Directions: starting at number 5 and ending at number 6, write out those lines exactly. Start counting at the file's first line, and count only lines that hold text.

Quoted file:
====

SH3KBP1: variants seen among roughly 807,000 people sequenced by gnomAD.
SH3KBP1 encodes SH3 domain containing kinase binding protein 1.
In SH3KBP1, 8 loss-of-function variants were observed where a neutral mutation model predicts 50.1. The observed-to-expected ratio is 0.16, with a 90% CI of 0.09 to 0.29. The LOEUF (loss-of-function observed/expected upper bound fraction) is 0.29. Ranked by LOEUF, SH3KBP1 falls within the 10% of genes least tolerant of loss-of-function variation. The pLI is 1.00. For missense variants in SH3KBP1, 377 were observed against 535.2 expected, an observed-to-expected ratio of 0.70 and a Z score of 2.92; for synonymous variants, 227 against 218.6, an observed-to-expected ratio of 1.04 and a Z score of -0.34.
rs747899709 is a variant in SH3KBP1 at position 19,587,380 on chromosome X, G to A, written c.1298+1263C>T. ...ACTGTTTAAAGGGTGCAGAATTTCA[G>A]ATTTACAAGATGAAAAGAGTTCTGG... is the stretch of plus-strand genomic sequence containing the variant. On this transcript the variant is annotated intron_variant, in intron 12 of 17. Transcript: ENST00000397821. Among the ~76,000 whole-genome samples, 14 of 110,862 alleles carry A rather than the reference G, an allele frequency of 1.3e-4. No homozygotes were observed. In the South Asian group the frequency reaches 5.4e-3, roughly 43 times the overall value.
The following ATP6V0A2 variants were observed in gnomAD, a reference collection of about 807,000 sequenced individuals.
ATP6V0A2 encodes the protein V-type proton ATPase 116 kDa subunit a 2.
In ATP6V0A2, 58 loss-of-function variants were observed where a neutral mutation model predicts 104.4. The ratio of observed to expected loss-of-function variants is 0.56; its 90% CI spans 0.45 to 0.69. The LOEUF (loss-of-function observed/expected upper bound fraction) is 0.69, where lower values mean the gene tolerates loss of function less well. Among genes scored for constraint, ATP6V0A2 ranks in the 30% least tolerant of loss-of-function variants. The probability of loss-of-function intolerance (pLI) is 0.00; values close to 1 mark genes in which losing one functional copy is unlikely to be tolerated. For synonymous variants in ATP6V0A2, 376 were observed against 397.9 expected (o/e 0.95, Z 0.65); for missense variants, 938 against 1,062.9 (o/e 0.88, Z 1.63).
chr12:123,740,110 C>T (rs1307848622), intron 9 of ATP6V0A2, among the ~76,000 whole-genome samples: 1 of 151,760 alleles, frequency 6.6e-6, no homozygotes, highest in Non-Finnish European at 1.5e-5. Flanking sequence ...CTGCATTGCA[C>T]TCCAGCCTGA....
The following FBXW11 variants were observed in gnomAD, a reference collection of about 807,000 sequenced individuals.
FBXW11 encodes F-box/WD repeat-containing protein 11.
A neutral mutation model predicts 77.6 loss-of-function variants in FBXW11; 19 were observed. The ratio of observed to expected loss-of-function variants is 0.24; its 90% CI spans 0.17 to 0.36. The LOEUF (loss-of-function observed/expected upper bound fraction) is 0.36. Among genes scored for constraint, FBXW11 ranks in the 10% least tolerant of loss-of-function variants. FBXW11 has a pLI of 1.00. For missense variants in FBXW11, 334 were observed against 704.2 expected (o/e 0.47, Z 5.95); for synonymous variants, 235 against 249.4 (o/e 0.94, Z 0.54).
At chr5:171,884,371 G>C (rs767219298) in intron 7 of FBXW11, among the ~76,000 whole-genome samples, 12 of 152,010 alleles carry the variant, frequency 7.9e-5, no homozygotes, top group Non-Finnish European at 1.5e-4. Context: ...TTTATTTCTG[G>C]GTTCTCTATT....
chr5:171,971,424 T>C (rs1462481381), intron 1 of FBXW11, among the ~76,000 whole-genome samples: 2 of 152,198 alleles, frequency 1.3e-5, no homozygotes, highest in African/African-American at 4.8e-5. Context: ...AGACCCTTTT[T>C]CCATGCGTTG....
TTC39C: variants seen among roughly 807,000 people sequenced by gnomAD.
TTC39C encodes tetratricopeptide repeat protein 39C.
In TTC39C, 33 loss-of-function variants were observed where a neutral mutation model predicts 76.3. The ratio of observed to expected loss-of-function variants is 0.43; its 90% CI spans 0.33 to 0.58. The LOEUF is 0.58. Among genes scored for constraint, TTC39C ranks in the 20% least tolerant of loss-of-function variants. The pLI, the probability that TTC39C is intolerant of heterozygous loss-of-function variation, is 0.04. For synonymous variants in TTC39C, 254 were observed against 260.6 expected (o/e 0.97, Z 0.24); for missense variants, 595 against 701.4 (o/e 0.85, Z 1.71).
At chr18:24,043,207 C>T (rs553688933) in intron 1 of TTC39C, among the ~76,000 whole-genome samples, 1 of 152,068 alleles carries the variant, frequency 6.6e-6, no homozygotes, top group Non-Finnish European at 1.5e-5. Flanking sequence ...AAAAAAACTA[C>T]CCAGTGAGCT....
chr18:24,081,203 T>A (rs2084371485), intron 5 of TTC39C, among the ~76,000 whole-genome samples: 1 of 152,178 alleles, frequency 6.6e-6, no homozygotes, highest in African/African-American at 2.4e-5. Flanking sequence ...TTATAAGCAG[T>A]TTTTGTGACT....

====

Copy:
The following ATP6V0A2 variants were observed in gnomAD, a reference collection of about 807,000 sequenced individuals.
ATP6V0A2 encodes the protein V-type proton ATPase 116 kDa subunit a 2.